Five hundred about-to-graduate high school seniors are a tough crowd to reach. Cranked up on nerves and excitement, seniors are barely coherent. Furthermore, seniors are immortal and know absolutely everything.
But I’m tasked with telling them they’re not and they don’t. They sit there, squirming on their metal folding chairs, counting the minutes until they are no longer children, whispering and texting, fanning themselves against the collective heat of their anxious bodies all clustered together. It’s a ritual of June—before the big high school graduation ceremony, when they’re likely to drive recklessly, drink irresponsibly, text incessantly.
I stand in front of them and use my loss to scare them into better choices.
I tell them about my sister’s death eight years ago, about how a young woman—barely older than they are now—went out partying and then insisted she was okay to drive. She wasn’t. I tell them about how she hit and killed my sister, who was a newlywed on a second honeymoon, out for an early morning run. I tell them about how the young woman went to jail and lost two years of her life. But my sister lost hers forever.
I tell them, with a lump in my throat, how much I miss her every day. They get quieter than you’d think a gym full of kids about to be released from captivity could be.
I tell them to look out for each other. I tell them that I know they are on top of the world, so close to an accomplishment they’ve been working toward for most of their years on earth.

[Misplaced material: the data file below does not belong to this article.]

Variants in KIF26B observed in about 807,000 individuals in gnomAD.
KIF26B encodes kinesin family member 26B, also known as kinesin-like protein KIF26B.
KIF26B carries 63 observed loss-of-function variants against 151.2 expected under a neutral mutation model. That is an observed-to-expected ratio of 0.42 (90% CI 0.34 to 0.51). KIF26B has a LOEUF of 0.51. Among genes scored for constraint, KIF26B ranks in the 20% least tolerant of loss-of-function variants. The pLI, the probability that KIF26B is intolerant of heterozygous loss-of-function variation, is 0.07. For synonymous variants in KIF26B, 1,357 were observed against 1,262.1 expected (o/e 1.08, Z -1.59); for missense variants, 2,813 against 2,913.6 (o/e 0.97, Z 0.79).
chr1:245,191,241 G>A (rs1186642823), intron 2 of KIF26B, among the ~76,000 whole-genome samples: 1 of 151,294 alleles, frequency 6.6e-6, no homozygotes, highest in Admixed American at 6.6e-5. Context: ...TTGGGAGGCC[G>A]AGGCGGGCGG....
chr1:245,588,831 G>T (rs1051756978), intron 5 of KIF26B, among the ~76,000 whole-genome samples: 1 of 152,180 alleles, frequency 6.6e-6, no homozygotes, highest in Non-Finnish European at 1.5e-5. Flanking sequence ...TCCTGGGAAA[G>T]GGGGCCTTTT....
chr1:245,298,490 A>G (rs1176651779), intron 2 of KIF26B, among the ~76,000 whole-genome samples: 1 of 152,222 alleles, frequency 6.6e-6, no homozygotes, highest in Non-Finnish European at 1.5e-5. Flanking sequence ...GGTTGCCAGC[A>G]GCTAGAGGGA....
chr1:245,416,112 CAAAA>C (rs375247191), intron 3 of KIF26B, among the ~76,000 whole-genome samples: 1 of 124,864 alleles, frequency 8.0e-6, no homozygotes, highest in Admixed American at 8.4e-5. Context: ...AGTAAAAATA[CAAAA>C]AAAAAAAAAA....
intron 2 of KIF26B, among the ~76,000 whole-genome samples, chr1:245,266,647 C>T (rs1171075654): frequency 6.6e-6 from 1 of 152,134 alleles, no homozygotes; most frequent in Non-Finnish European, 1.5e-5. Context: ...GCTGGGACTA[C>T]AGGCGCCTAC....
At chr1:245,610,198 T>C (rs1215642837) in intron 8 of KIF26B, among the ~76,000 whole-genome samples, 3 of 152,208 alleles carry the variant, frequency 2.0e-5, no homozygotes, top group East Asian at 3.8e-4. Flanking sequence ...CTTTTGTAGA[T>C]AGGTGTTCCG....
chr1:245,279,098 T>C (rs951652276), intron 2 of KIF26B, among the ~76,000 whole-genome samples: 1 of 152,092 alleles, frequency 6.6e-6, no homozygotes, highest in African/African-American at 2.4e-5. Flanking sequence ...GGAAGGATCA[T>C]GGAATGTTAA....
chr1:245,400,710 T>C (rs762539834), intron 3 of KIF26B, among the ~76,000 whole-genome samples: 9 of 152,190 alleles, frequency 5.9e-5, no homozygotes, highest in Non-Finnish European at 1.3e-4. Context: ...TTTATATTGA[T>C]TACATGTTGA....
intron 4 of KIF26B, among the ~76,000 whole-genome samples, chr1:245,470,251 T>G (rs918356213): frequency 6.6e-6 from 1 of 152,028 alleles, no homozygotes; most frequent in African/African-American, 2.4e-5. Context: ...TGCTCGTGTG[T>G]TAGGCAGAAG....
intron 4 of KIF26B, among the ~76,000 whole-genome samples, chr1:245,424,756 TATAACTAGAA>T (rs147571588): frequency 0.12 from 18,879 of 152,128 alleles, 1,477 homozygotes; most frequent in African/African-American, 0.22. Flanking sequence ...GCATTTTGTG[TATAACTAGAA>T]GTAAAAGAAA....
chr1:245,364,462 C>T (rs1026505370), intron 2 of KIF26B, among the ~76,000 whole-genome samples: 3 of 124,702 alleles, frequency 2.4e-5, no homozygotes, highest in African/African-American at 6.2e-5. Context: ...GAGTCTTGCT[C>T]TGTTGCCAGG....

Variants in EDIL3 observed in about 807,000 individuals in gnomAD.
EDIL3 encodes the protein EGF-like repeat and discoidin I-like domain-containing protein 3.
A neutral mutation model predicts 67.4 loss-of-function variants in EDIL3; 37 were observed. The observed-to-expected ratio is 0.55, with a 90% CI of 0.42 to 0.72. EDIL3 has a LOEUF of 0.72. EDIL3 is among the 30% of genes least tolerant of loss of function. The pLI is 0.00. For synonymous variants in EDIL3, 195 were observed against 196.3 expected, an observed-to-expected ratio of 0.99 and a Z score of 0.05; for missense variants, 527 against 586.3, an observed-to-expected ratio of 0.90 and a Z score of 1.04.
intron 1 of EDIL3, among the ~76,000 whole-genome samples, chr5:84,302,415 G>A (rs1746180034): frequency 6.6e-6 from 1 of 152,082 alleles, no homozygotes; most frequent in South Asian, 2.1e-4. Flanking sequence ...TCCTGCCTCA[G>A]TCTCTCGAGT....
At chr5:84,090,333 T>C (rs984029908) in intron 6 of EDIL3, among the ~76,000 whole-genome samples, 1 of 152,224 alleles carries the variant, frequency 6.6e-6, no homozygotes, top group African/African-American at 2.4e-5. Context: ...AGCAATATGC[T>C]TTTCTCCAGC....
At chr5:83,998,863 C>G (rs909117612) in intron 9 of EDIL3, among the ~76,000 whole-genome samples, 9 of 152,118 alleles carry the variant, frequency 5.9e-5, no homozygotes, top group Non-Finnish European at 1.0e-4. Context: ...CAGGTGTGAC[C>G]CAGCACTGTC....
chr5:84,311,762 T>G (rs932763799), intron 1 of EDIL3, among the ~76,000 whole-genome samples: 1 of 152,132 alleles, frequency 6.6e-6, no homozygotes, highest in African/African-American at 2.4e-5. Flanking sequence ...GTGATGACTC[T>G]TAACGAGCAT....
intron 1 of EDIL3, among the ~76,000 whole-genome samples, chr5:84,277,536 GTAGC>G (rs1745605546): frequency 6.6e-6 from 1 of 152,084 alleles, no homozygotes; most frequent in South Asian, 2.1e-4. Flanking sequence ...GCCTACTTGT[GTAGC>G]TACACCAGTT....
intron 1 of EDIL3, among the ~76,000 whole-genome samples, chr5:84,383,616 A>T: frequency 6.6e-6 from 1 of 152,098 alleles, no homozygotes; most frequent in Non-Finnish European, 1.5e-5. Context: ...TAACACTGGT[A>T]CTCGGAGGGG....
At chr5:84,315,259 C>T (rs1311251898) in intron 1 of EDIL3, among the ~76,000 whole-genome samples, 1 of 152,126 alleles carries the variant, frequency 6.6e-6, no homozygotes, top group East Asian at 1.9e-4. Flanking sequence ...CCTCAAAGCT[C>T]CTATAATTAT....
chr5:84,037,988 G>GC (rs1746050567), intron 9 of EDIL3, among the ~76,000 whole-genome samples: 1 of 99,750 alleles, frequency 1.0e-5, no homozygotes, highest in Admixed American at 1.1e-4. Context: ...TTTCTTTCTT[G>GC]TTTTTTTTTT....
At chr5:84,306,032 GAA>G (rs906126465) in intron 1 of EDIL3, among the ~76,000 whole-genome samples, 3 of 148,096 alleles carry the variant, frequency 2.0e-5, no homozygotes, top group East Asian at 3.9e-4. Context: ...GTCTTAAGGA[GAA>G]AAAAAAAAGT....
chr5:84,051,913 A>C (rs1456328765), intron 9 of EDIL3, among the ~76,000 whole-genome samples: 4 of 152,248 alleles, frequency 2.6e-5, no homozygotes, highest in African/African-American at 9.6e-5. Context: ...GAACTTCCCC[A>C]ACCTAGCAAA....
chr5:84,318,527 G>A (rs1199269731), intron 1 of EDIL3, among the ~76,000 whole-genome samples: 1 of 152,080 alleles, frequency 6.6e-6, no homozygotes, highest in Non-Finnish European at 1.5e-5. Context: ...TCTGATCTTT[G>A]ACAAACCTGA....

But their joy is not armor. It will not protect them from harm.
They need to remind each other of the little realities that will keep them around to enjoy the fruits of their labors: fasten your seatbelt; turn off your phone; pay attention to the road; hand over the keys; call for a ride.
They become solemn and I feel bad for dampening their spirit—they’ve earned this high.
But in the eight years since my sister’s death, when I first started telling my story, my school hasn’t lost a single student to a high school graduation-related accident.
One girl even approached me a couple of years later, when she came back to show her cousin around at a school open house. “Do you remember when you talked to us before high school graduation?” she asked. I told her I did. “I almost made a bad choice when I was driving,” she told me, her eyes getting big. “But I remembered what you said and I didn’t do it.”
“I’m glad,” I said and she smiled; I’m continually amazed by how much adult approval still means to most teenagers.
They look mature, but they’re still getting comfortable in that skin. Truthfully, they’re aching to be set free but all that freedom is more than a little intimidating. They want to be reminded of how to be safe—not nagged, but reminded. As teachers, as parents, we’ve got to remember that when they roll their eyes and beg us to stop, they know that this is how we care. They do appreciate the hand on the shoulder, the whisper in the ear.
The students don’t know what to say or do when they see me afterward. “I’m sorry about your sister,” they say sometimes or “Thanks for talking to us.” It’s hard for them to look at me. Sometimes they just give me a hug.
It’s difficult to talk about loss. It’s difficult to hear about it, too. But if we talk, and if they listen, then maybe we’ll have fewer new losses to mourn.
Madeleine Deliee lives and works in the Washington, D.C. area and can be found on Twitter at @MMDeliee.